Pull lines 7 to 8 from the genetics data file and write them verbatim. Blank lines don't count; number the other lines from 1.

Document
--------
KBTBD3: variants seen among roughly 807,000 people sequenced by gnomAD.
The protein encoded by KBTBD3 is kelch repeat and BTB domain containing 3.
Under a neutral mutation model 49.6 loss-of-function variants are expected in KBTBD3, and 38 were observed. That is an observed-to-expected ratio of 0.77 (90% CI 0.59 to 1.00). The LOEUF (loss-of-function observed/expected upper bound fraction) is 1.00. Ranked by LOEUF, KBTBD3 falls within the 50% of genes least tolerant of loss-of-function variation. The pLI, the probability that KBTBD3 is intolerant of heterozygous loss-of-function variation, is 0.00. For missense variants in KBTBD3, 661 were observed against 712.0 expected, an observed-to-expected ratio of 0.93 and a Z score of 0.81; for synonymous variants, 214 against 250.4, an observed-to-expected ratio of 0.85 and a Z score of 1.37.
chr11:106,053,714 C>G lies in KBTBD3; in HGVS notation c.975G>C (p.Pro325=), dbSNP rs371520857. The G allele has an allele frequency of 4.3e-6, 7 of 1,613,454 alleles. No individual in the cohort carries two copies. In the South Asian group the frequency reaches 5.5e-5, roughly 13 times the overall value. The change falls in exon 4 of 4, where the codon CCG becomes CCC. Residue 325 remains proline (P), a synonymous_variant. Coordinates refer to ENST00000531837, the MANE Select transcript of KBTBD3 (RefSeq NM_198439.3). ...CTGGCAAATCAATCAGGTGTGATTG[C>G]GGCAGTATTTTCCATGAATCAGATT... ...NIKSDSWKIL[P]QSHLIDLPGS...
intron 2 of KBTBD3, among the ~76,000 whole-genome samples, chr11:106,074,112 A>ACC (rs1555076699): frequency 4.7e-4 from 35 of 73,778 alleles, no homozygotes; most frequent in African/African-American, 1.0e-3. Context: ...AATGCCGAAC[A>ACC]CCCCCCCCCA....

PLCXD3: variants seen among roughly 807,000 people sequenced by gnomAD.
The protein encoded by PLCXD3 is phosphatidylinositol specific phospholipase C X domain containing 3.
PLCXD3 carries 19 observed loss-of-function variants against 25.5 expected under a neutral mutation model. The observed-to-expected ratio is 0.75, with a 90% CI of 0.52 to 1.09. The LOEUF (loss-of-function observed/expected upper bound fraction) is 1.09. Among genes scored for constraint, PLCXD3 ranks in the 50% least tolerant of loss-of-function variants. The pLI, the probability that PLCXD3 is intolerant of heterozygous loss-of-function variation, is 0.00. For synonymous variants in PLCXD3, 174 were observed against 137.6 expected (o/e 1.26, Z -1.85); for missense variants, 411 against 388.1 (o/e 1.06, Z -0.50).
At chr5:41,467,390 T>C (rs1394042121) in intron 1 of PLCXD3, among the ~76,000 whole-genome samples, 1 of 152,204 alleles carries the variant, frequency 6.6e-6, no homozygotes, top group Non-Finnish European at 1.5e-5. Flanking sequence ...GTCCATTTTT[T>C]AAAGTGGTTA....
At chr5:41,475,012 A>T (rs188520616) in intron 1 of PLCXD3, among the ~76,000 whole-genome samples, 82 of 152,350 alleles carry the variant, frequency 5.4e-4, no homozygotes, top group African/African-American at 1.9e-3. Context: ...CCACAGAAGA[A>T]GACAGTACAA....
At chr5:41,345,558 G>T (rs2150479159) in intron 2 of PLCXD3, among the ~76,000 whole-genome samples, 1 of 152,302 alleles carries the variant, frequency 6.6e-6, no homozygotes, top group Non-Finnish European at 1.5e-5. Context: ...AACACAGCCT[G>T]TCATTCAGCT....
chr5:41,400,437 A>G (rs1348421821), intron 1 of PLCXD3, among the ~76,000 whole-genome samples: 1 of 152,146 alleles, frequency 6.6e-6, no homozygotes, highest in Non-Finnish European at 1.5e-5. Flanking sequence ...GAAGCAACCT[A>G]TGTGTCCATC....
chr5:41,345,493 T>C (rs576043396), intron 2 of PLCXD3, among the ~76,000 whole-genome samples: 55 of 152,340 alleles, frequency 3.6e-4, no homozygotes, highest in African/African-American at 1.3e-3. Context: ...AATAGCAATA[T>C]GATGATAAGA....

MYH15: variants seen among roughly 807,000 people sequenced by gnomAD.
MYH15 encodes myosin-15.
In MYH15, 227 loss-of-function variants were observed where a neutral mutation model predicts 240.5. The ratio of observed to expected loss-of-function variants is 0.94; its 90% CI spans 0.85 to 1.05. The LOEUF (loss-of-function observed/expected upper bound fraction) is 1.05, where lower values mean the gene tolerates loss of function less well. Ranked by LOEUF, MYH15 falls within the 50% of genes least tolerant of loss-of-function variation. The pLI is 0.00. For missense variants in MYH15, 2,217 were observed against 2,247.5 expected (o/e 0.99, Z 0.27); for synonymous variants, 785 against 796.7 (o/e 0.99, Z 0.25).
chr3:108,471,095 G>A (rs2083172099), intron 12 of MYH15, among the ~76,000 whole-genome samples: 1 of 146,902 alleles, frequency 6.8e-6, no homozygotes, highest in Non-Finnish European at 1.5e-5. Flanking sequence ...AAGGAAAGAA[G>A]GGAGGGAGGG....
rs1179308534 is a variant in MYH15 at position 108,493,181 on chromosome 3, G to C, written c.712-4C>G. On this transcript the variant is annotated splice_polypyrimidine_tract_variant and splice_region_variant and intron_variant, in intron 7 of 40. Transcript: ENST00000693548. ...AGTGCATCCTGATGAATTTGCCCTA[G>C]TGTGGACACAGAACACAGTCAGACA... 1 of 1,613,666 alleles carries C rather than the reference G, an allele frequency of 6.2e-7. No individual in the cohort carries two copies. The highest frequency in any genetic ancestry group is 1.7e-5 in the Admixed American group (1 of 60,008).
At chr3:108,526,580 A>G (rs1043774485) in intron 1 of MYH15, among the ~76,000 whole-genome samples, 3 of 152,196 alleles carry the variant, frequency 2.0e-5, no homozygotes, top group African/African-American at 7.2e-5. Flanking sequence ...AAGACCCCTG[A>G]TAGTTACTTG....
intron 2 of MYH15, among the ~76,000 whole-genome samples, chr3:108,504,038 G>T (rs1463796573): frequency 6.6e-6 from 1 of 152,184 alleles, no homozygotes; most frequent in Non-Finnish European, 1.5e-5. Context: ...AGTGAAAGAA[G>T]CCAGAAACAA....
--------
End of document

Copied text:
The protein encoded by PLCXD3 is phosphatidylinositol specific phospholipase C X domain containing 3.
PLCXD3 carries 19 observed loss-of-function variants against 25.5 expected under a neutral mutation model. The observed-to-expected ratio is 0.75, with a 90% CI of 0.52 to 1.09. The LOEUF (loss-of-function observed/expected upper bound fraction) is 1.09. Among genes scored for constraint, PLCXD3 ranks in the 50% least tolerant of loss-of-function variants. The pLI, the probability that PLCXD3 is intolerant of heterozygous loss-of-function variation, is 0.00. For synonymous variants in PLCXD3, 174 were observed against 137.6 expected (o/e 1.26, Z -1.85); for missense variants, 411 against 388.1 (o/e 1.06, Z -0.50).